Thus, if you have any medical issues, pleaseplease PLEASE go and have a chat with your doctor, who is actually qualified to dispense with medical advice.
If you read my breakdown of my braids here, then you may have noticed me use the word 'grunk'.
As usual, I was flippant about it, because it was something I assumed everyone had experienced before.
Not so, mes chéries! It looks like the 'Grunk', as I like to call it, is something else entirely.
Ever since I started relaxing, I remember the Grunk - loyal companion to my constantly itchy head who particularly enjoyed making its presence excessively known after 2 or 3 months in braid extensions; I thought it was something that I would just have to accept as a part of life.
Like meany older cousins.
However, I've realised that this is not true. Well, the Grunk, not the mean older cousins.
Mean older cousins are definitely a certainty of life.
If you go on forums or facebook pages or any communal hair pages, and someone describes something that sounds like The Grunk - flaking, itchy scalp that is soothed briefly after a wash, but comes back with a vengeance as soon as you look the other way, most people advise them to clarify with ACV or use a scalp scrub.
Uh, noo....build up is usually waxy product build up that leaves your hair dull(er) and lank.
The Grunk (in the context of hair) only occurs on your scalp, because your hair is dead - it cannot produce flakes.
Though with people with straighter hair, the Grunk can travel down the hair strand and settle on your shoulders.
I call it The Grunk.
For some, it is Seborrheic Dermatitis.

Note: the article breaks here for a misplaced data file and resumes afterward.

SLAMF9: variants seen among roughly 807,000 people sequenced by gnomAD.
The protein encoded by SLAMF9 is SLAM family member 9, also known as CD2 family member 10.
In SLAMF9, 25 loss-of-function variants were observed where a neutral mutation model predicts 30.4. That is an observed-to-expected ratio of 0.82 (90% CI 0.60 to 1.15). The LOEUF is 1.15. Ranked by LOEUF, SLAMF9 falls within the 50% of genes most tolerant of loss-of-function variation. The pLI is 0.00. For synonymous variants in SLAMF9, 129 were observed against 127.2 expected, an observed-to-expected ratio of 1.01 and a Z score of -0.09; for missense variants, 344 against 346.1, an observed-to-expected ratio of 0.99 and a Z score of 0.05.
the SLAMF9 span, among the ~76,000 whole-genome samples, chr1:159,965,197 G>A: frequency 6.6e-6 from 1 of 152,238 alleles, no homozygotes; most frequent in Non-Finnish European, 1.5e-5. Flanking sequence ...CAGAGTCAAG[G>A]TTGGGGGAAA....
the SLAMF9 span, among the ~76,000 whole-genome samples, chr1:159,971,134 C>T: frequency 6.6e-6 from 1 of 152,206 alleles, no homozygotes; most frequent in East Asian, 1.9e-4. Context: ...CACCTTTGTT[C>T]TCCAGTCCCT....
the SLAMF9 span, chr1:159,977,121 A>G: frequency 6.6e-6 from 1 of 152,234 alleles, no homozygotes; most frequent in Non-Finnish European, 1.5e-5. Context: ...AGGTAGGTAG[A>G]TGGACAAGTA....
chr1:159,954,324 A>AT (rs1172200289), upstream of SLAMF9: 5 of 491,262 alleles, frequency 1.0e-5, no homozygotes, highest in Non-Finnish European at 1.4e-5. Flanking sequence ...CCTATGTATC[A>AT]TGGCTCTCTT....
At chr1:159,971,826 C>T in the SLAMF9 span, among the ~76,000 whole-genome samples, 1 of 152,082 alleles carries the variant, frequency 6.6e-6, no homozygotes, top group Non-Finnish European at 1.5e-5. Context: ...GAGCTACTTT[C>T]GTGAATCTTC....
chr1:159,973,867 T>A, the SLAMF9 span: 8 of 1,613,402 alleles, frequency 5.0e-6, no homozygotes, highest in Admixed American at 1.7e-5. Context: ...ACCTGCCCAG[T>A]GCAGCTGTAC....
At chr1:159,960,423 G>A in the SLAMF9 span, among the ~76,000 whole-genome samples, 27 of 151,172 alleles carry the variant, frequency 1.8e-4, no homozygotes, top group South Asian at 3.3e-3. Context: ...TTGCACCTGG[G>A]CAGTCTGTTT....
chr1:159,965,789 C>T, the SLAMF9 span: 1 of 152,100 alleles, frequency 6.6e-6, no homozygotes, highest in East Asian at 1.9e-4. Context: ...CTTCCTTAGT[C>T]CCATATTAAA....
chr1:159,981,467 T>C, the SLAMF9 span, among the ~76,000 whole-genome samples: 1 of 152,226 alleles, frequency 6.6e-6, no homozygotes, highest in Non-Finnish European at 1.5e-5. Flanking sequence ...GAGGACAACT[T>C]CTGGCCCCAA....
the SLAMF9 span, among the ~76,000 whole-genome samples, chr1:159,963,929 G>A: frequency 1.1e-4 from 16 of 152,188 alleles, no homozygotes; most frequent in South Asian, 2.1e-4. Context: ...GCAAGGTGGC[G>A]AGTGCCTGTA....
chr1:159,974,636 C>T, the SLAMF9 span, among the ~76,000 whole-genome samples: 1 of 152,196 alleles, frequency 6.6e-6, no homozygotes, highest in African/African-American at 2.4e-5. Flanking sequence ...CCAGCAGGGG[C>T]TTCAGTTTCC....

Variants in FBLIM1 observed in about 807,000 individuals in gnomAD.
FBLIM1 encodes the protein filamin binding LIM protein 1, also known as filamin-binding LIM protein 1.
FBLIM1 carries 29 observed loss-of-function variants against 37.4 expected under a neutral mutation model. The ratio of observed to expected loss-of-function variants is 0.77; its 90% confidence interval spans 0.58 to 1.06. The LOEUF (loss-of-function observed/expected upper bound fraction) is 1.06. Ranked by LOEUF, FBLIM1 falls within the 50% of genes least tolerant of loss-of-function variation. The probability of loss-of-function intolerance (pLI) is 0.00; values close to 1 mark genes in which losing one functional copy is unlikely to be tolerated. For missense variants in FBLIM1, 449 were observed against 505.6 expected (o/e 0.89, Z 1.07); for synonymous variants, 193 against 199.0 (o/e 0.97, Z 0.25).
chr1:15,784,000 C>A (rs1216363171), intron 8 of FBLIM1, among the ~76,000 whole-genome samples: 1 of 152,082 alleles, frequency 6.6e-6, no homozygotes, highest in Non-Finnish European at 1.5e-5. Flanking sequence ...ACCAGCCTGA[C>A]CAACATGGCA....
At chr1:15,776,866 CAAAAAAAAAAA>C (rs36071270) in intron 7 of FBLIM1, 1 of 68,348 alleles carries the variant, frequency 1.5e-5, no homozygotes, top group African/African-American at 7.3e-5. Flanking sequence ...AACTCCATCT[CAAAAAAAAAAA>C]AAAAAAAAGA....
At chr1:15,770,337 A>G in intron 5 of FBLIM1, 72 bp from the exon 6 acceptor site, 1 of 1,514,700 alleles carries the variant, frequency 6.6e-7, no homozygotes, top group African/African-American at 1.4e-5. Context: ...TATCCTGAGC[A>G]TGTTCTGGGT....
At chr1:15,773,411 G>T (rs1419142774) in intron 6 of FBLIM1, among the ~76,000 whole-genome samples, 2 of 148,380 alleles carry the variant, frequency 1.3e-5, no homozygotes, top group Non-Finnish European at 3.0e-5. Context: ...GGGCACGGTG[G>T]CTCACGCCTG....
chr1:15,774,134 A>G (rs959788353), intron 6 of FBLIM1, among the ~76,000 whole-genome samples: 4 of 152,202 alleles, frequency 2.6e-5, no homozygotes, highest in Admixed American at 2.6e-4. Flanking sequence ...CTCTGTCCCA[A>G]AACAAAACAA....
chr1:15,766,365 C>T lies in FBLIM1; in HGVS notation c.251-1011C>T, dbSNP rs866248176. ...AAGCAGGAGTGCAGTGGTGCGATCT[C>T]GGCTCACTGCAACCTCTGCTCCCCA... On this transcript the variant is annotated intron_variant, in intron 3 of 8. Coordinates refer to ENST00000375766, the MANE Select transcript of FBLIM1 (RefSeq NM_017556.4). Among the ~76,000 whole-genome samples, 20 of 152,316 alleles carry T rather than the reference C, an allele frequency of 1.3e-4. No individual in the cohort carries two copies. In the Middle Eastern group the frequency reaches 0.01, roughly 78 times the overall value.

For other, it's dandruff.
Before you squeal, close the webpage and protectively clutch your Head and Shoulders at the very mention of the D word, hear me out.
I'm about to put on my 'smart' cap and get my JC swag on.
There is a theory that goes like this:
Everybody has microflora, known as Pityrosporum ovale or Malassezia ovalis
People with dandruff have more of the Grunkers working in the same area, so the flakes stick together and are more noticeable:
And if it's Sebhorric Dermatitis, your Grunker density may be slightly higher than that, so the flakes are extremely noticeable.
|Grunker Lights! Yay! ^_^|
Journal of American Academy of Dermatology [(1985), v12(5) pg 852]
American Journal of Clinical Dermatology [(2000), v1(2) pg 75
They're basically the same thing, just different levels of severity.
I think cradle cap is also similar, but when it's present in babies, and the Seborrheic Dermatitis is similar to ezcema that people can get on other parts of the body.
I'll tell you what this doesn't mean - it doesn't mean that people with dandruff are dirty, or don't wash their hair enough.
I find it unusual that, amongst the 'natural community', topics like this haven't come up more often - almost every single person will say something about maintaining the health of your scalp being imperative for the health of your hair, but then what do you do if your scalp is flaring up something rotten? It only came to my attention when Serenity Spot brought it up on her blog.
There may be some connection between this and use of relaxers, but any evidence is purely anecdotal.
From what I can see, there's no definite cure - it's a condition that either you manage for the rest of your life, or it clears up on its own.
If you think you have too many Grunkers in your hair trunk, as a normal (albeit nosey) member of society, I would advise you go to your doctor and get their recommendation for treatment.